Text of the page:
MBA Resource Article

How Managers Can Make Better Use of Their Data

By Ritika Puri

In 2012, Harvard Business Review named data science the “sexiest career of the 21st Century.”1 But three years later, companies are still struggling to transform the volumes of data that they are collecting into actionable next steps. As a recent Accenture survey points out, 78 percent of chief marketing officers believe that analytics, digital media and mobile technologies will drive major changes within the next five years, but only 21 percent believe that their organizations will be well-equipped to keep up.2 The reason? Most organizations lack the systems, training and people power necessary to support a truly data-driven culture.

Managers and emerging leaders can tackle these challenges by taking the following steps:

Establish clear goals for analysis

Many companies are collecting volumes of data without taking a step back to ask why. They fail to set goals for analysis or develop a methodology for answering key business questions. The end result is an information avalanche in which critical business details are buried.

Managers and leaders are in an ideal position to connect an information-technology or data-science team’s information-gathering processes to the rest of the organization. Companies can start by comparing the data that they are collecting to the business questions that they need to answer the most.

One example is Virgin America3. Looking to increase transaction rates among consumers, the airline has launched a series of email marketing campaigns that use demographic and past purchase data to deliver more tailored and targeted offers. The result of this effort has been a personalization strategy with an exponentially higher transaction rate than typical campaigns.

The ability to create clear buyer segments and differentiate shopping patterns between them has been invaluable for Virgin.

Focus on the business’s bottom line

When companies collect volumes of data, focus becomes a challenge. It’s difficult to uncover an “underlying business story” when information is stuck in data warehouses and requires hours of an engineer’s time to retrieve.

It’s up to an organization’s managers to establish clarity and direction. But where should companies be devoting their time and attention, and what numbers should they be tracking? Analytics consultant Alistair Croll recommends the following:4

“Analytics need to be in the entire lifecycle of a product. You have to build data collection into the product roadmap; measure it in real time and in the aggregate; and learn by following up on the data to better understand your market.”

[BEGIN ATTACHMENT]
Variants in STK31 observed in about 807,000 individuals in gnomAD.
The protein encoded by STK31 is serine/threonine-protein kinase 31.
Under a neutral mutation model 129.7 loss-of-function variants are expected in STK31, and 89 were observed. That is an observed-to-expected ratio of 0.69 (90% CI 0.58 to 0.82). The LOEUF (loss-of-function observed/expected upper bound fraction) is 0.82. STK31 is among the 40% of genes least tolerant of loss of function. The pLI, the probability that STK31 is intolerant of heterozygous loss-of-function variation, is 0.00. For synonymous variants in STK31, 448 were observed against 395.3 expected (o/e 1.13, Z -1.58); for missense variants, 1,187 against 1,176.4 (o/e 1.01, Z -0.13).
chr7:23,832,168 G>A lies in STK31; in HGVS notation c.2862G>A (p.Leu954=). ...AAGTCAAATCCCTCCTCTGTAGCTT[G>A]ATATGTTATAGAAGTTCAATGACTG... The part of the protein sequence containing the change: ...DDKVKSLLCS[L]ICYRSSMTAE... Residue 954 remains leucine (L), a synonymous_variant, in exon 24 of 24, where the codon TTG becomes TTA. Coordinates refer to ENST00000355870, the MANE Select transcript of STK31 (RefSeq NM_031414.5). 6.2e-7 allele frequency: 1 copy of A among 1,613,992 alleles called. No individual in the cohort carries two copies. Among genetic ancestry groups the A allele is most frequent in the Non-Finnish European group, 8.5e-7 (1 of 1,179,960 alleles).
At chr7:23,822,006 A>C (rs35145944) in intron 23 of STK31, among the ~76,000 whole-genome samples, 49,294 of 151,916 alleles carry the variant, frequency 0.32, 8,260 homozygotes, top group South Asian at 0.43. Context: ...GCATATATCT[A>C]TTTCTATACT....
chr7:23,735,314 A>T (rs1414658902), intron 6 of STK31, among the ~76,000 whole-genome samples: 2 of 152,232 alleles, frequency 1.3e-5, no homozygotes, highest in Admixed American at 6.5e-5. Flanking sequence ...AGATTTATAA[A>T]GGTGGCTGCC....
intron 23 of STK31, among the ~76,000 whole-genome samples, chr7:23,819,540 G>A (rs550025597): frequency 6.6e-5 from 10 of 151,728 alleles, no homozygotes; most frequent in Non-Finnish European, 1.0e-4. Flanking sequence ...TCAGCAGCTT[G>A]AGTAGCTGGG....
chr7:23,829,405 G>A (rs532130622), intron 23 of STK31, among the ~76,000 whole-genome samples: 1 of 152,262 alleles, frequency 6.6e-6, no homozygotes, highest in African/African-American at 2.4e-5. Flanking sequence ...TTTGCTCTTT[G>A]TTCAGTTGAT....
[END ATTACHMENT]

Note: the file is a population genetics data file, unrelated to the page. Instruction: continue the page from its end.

In other words, a company’s key performance indicators need to inform all aspects of product development, sales and marketing — a perspective that is much broader than just tracking bottom-line revenue.

Managers need to be careful in setting the right direction.

Assemble the Puzzle

A comprehensive data-management strategy requires more than a quantitative analyst team. Organizations need information architects, cyber policy specialists, security experts and even sales leaders for a truly comprehensive strategy.

One resource that can help is Utica College’s MBA program, which allows students to specialize in areas such as Cybersecurity, Finance/Accounting, Cyber Policy or a mix of these, targeting expertise to the career field. The core courses in the MBA program are strategically designed to specifically integrate career-relevant subject areas such that students can directly apply classroom material to their day to day job. The knowledge gained in the program will be vital to companies that are trying to make sense and profit from the reams of data they have.

https://hbr.org/2012/10/data-scientist-the-sexiest-job-of-the-21st-century

https://www.accenture.com/us-en/insight-cmo-digital-transformation-summary.aspx

http://www.gigya.com/blog/from-data-to-dollars-3-ways-to-turn-insight-into-action

http://leanstartup.co/speaker-spotlight-using-data-to-build-a-better-business-faster

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